The mountains seemed to grow fiercer with every turn of the wheel. Then we stopped and stepped out to a place that seemed frozen in time. A forest as lush as any I have ever seemed. I asked our Mayan guides why this mountain was so lush and the other mountains were so barren. The reply came back sharply, “The people of this region fight for their trees.”
The Mayan Mennonite pastor told us of a protest against deforestation that took place in October of 2012. The people marched and were confronted by government troops. After a brief standoff, the troops opened fire and killed seven people on the Pan-American Highway. Many of the dead were local church people who believed that part of loving Jesus was fighting for their environment.
I was reconvicted that the only way that I can give life is by sacrificing my own.
In this incredibly traditional region, most of the local environmental leaders are women. These are women who refused to be bound by traditional gender roles while the men sold off their spaces of worship and culture. Through their collective sacrifice, life is being created and preserved. The women are taking the people to places of environmental stewardship that the men refused to go.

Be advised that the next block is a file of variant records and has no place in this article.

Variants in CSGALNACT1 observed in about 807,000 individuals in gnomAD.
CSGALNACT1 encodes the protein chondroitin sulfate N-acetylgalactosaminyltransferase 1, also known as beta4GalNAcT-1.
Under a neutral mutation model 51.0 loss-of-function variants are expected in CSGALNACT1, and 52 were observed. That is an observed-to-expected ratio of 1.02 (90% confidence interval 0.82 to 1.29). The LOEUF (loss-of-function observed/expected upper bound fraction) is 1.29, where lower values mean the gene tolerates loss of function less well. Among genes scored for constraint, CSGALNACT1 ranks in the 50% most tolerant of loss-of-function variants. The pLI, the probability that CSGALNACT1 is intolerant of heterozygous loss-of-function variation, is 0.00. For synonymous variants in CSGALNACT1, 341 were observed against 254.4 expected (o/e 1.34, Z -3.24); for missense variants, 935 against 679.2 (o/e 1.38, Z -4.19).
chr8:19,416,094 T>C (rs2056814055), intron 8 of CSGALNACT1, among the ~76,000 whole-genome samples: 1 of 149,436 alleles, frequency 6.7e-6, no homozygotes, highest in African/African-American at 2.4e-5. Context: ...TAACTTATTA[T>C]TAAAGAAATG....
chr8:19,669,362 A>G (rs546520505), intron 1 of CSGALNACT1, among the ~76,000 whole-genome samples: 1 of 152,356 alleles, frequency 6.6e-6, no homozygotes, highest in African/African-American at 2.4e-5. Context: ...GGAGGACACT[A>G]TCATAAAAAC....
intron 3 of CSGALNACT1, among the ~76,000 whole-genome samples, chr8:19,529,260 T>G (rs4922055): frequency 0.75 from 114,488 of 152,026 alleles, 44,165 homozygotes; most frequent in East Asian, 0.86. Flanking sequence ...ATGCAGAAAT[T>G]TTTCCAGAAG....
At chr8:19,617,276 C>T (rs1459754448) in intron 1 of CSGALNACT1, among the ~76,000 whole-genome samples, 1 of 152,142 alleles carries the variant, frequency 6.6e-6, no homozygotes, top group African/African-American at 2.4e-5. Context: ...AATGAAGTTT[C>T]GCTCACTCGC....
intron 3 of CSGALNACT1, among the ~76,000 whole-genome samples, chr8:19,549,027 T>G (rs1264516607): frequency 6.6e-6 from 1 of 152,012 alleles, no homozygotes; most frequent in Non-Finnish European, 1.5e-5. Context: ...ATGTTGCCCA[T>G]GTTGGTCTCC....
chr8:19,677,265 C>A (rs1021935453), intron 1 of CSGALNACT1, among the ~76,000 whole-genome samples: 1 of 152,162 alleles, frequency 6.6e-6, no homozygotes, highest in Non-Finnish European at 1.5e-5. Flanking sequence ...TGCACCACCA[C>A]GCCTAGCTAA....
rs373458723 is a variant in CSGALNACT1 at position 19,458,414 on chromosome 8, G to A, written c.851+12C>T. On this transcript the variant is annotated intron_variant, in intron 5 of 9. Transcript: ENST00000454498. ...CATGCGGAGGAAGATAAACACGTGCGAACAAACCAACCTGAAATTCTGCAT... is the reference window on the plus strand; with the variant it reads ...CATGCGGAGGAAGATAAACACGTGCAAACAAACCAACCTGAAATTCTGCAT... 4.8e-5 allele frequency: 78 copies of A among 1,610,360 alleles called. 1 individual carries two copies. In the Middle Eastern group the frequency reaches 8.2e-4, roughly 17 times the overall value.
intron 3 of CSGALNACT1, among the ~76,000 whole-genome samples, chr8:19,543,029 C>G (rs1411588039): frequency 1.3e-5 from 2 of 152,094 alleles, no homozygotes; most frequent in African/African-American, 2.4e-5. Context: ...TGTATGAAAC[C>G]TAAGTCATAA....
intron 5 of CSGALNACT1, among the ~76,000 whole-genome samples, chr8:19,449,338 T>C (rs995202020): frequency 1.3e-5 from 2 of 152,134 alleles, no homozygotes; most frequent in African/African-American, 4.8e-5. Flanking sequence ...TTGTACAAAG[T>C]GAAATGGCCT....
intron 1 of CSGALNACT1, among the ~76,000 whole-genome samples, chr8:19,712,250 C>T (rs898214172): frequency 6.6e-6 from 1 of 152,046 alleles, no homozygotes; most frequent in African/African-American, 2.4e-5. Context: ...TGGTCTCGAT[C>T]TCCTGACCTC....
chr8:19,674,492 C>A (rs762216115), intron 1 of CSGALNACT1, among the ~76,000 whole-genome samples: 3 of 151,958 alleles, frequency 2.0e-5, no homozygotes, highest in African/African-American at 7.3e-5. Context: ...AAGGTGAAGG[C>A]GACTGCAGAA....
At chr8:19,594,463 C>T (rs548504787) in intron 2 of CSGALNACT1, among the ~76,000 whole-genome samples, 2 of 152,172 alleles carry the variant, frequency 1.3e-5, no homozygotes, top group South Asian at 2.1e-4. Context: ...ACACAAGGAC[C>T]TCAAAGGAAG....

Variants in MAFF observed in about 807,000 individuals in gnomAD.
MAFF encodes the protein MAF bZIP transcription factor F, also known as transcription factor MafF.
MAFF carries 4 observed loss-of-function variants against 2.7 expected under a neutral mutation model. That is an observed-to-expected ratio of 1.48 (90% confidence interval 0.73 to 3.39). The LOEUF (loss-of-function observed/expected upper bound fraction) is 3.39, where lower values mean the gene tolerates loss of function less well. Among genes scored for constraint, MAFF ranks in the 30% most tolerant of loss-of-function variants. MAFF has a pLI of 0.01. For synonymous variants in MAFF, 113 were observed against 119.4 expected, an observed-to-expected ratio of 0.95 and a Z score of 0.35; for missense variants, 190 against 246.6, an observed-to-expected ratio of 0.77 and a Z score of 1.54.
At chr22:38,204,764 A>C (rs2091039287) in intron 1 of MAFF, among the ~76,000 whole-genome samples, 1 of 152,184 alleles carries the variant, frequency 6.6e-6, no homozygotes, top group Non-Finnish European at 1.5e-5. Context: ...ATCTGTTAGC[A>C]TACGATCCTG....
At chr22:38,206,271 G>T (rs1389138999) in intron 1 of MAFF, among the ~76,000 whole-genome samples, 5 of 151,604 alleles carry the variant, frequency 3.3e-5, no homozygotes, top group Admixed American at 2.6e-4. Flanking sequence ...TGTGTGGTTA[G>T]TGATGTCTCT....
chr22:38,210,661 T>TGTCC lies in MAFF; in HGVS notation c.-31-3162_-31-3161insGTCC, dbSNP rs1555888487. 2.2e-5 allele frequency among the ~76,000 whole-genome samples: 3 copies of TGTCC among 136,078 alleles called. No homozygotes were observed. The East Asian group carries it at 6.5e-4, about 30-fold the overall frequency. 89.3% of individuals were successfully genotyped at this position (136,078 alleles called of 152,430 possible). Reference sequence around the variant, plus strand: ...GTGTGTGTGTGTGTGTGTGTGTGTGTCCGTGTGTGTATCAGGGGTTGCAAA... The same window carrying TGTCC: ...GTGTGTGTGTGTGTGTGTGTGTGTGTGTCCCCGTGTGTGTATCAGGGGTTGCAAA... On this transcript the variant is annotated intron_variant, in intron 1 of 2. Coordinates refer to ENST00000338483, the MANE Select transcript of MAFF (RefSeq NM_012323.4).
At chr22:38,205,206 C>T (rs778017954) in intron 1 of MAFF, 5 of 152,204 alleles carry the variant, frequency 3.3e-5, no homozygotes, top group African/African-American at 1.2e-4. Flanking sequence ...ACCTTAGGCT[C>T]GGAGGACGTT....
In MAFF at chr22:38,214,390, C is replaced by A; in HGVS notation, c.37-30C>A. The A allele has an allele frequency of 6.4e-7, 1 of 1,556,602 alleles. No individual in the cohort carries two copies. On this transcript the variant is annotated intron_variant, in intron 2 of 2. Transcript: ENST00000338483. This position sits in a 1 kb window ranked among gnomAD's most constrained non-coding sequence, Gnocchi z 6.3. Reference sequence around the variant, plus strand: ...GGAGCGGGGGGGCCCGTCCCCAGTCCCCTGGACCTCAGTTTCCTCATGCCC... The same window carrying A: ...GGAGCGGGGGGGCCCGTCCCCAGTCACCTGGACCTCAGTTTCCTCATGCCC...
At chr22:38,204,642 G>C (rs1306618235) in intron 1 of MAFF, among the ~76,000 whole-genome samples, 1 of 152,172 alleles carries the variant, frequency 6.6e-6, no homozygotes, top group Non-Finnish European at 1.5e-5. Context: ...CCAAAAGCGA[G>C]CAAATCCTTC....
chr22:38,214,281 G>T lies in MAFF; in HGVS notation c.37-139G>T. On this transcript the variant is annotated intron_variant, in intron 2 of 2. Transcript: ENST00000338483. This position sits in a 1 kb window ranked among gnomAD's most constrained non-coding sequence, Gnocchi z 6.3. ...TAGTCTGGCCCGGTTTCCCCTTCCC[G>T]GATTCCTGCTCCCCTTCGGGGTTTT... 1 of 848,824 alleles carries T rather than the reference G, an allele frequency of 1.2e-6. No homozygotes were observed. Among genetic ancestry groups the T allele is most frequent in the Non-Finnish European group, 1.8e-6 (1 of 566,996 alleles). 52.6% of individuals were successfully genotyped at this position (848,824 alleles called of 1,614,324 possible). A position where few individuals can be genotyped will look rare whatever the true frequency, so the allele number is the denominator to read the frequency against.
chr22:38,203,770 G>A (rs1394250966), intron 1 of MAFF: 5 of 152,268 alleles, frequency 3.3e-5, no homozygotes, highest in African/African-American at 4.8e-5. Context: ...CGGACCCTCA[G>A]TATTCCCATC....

When women to lead, we get to go to places we previously refused to believe possible.
The Mayan village on the side of the mountain was poor. The dwellings were made out of mud and looked like they could be kicked over. In the past, due to lack of available jobs, men were forced to go to the cities to find work. The women were left behind with little money and kids to feed. Some of the progressive churches in the country combined resources to help with the resulting oppression and malnourishment. They decided to build something that would help the environment and sustain families throughout the year, greenhouses.
Salvation for the women of the villages has come in the form of some posts and plastic.
The greenhouses have revolutionized the villages. The women are able to plant their own environmentally friendly organic crops and sustain themselves. They do not have to rely on anyone else. Traditional gender roles have gone out the window. Now, the men and women take turns doing the cooking and the cleaning. When I had lunch in the village, there were men cooking and serving just the same as the women. The sight was strikingly different than many of the other Mayan villages I have visited, where gender roles are very traditional. By promoting sustainable interaction with the environment, progressive churches are freeing men and women from traditional gender roles.
True environmental consciousness and gender equality in this space were not just topics of scholarly conversation.